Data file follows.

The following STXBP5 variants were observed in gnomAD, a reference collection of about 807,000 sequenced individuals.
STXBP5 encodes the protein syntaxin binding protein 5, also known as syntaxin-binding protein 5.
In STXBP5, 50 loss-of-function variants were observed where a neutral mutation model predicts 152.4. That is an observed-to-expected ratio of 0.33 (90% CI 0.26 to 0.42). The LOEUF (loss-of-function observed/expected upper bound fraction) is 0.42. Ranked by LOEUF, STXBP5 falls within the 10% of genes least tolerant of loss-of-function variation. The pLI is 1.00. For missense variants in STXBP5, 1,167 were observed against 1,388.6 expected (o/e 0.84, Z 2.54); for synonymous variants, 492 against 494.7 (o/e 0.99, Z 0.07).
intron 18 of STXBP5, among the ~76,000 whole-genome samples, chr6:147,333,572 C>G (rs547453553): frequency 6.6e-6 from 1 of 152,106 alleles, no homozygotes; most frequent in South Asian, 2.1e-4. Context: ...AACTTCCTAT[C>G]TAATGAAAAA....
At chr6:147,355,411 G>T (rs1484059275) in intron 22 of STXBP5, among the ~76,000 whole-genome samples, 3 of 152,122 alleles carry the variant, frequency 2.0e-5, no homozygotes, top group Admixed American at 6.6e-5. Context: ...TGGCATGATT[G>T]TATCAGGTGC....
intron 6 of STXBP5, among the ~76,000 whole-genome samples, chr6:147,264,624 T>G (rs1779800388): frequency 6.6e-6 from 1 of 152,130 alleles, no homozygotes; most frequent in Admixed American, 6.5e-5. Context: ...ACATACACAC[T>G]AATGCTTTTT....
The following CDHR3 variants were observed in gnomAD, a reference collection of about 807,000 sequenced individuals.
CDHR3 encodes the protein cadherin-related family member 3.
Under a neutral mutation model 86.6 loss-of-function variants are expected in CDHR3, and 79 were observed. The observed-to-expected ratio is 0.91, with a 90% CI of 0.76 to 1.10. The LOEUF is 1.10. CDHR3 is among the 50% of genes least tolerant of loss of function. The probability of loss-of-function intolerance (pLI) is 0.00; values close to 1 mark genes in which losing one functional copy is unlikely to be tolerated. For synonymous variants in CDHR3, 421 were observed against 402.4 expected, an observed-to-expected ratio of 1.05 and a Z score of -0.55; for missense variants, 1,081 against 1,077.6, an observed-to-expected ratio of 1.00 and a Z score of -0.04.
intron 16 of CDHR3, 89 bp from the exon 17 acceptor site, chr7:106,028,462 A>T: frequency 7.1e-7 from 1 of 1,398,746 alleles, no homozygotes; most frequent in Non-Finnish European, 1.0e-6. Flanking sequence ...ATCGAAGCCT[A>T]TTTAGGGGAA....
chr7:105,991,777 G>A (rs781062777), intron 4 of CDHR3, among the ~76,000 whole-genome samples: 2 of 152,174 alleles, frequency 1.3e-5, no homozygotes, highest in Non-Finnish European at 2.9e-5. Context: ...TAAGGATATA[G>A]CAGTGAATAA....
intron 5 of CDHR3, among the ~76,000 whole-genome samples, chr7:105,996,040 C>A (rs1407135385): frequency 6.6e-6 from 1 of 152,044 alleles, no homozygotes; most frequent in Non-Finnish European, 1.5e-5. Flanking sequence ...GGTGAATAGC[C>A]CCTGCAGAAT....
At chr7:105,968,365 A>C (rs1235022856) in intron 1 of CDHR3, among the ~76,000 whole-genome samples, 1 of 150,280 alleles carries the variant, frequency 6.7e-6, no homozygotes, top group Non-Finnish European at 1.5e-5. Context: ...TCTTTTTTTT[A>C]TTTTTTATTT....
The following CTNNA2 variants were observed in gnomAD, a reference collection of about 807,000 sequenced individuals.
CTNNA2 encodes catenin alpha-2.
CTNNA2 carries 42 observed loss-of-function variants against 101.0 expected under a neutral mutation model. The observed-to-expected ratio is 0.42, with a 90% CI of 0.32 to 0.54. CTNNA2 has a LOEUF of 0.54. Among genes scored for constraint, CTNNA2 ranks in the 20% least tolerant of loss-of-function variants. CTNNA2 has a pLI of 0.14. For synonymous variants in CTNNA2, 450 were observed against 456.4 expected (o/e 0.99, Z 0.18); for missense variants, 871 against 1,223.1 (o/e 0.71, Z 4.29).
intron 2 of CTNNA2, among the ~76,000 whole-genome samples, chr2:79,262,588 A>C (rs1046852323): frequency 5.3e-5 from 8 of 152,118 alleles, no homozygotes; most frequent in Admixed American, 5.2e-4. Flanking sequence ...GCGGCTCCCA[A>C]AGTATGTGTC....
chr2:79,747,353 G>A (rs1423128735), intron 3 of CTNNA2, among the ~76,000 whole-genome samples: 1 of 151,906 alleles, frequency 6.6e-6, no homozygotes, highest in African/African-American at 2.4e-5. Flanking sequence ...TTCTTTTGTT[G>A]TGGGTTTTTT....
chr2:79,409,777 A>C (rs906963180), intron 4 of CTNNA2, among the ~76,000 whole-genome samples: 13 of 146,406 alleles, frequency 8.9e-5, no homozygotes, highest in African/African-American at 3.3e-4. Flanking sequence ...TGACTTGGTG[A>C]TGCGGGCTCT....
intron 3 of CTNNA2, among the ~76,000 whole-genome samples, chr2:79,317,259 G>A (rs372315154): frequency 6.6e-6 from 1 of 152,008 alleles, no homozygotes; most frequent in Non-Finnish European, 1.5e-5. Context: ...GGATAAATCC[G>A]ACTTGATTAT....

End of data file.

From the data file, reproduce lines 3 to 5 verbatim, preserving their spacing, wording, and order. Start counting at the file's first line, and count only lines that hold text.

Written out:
In STXBP5, 50 loss-of-function variants were observed where a neutral mutation model predicts 152.4. That is an observed-to-expected ratio of 0.33 (90% CI 0.26 to 0.42). The LOEUF (loss-of-function observed/expected upper bound fraction) is 0.42. Ranked by LOEUF, STXBP5 falls within the 10% of genes least tolerant of loss-of-function variation. The pLI is 1.00. For missense variants in STXBP5, 1,167 were observed against 1,388.6 expected (o/e 0.84, Z 2.54); for synonymous variants, 492 against 494.7 (o/e 0.99, Z 0.07).
intron 18 of STXBP5, among the ~76,000 whole-genome samples, chr6:147,333,572 C>G (rs547453553): frequency 6.6e-6 from 1 of 152,106 alleles, no homozygotes; most frequent in South Asian, 2.1e-4. Context: ...AACTTCCTAT[C>G]TAATGAAAAA....
At chr6:147,355,411 G>T (rs1484059275) in intron 22 of STXBP5, among the ~76,000 whole-genome samples, 3 of 152,122 alleles carry the variant, frequency 2.0e-5, no homozygotes, top group Admixed American at 6.6e-5. Context: ...TGGCATGATT[G>T]TATCAGGTGC....